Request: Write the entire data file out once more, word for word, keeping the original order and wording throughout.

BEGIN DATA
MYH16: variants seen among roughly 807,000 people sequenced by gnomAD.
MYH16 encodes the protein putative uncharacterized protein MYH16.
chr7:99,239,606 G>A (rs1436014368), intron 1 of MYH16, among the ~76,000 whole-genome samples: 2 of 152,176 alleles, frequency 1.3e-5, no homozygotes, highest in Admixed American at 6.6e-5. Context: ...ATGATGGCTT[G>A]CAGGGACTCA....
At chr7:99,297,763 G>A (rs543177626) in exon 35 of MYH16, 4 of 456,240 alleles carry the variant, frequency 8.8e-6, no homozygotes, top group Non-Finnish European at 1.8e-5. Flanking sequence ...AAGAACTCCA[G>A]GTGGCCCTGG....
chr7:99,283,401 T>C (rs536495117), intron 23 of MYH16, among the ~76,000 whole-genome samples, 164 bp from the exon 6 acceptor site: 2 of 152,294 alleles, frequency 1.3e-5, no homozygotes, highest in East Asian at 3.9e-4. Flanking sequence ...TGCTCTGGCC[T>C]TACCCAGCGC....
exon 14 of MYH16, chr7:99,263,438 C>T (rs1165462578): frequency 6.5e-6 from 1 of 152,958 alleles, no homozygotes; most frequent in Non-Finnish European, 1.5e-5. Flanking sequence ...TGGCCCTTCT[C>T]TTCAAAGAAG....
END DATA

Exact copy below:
MYH16: variants seen among roughly 807,000 people sequenced by gnomAD.
MYH16 encodes the protein putative uncharacterized protein MYH16.
chr7:99,239,606 G>A (rs1436014368), intron 1 of MYH16, among the ~76,000 whole-genome samples: 2 of 152,176 alleles, frequency 1.3e-5, no homozygotes, highest in Admixed American at 6.6e-5. Context: ...ATGATGGCTT[G>A]CAGGGACTCA....
At chr7:99,297,763 G>A (rs543177626) in exon 35 of MYH16, 4 of 456,240 alleles carry the variant, frequency 8.8e-6, no homozygotes, top group Non-Finnish European at 1.8e-5. Flanking sequence ...AAGAACTCCA[G>A]GTGGCCCTGG....
chr7:99,283,401 T>C (rs536495117), intron 23 of MYH16, among the ~76,000 whole-genome samples, 164 bp from the exon 6 acceptor site: 2 of 152,294 alleles, frequency 1.3e-5, no homozygotes, highest in East Asian at 3.9e-4. Flanking sequence ...TGCTCTGGCC[T>C]TACCCAGCGC....
exon 14 of MYH16, chr7:99,263,438 C>T (rs1165462578): frequency 6.5e-6 from 1 of 152,958 alleles, no homozygotes; most frequent in Non-Finnish European, 1.5e-5. Flanking sequence ...TGGCCCTTCT[C>T]TTCAAAGAAG....